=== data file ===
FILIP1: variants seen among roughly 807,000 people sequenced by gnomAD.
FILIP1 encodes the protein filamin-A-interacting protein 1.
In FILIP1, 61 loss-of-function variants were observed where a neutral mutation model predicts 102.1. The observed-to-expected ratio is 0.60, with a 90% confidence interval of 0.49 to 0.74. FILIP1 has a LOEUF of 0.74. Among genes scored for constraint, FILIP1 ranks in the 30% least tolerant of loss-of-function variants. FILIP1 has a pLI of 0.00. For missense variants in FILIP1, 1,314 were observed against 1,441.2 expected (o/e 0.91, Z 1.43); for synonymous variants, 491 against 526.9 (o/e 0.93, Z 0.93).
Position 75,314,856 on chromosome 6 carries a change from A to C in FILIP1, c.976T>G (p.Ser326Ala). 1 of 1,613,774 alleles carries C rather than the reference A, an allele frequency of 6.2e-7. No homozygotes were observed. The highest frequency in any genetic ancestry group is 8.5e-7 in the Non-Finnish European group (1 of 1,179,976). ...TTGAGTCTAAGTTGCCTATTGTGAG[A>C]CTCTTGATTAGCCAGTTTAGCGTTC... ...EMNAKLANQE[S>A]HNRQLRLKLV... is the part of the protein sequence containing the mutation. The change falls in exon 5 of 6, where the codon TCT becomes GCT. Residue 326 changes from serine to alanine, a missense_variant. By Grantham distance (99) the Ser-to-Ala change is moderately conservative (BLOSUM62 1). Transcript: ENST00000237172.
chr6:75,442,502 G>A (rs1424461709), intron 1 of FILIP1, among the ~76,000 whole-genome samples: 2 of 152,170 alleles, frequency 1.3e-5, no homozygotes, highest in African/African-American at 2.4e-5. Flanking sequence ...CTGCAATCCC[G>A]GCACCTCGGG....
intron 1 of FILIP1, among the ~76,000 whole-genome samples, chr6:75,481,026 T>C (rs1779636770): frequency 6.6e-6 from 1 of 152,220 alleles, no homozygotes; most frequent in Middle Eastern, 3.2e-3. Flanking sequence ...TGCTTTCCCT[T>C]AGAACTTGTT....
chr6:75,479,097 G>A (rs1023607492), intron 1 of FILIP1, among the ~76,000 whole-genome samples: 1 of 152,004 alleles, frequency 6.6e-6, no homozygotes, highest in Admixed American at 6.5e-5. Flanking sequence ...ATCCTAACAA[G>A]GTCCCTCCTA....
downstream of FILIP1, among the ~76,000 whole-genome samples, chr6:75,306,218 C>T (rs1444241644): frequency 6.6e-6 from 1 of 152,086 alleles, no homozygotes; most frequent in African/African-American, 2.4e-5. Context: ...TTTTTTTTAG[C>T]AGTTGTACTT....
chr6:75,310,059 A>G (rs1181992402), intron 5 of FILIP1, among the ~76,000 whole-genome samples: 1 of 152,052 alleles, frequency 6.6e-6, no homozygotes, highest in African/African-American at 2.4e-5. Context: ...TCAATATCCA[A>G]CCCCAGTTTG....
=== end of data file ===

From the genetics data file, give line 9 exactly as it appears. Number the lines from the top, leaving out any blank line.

chr6:75,310,059 A>G (rs1181992402), intron 5 of FILIP1, among the ~76,000 whole-genome samples: 1 of 152,052 alleles, frequency 6.6e-6, no homozygotes, highest in African/African-American at 2.4e-5. Context: ...TCAATATCCA[A>G]CCCCAGTTTG....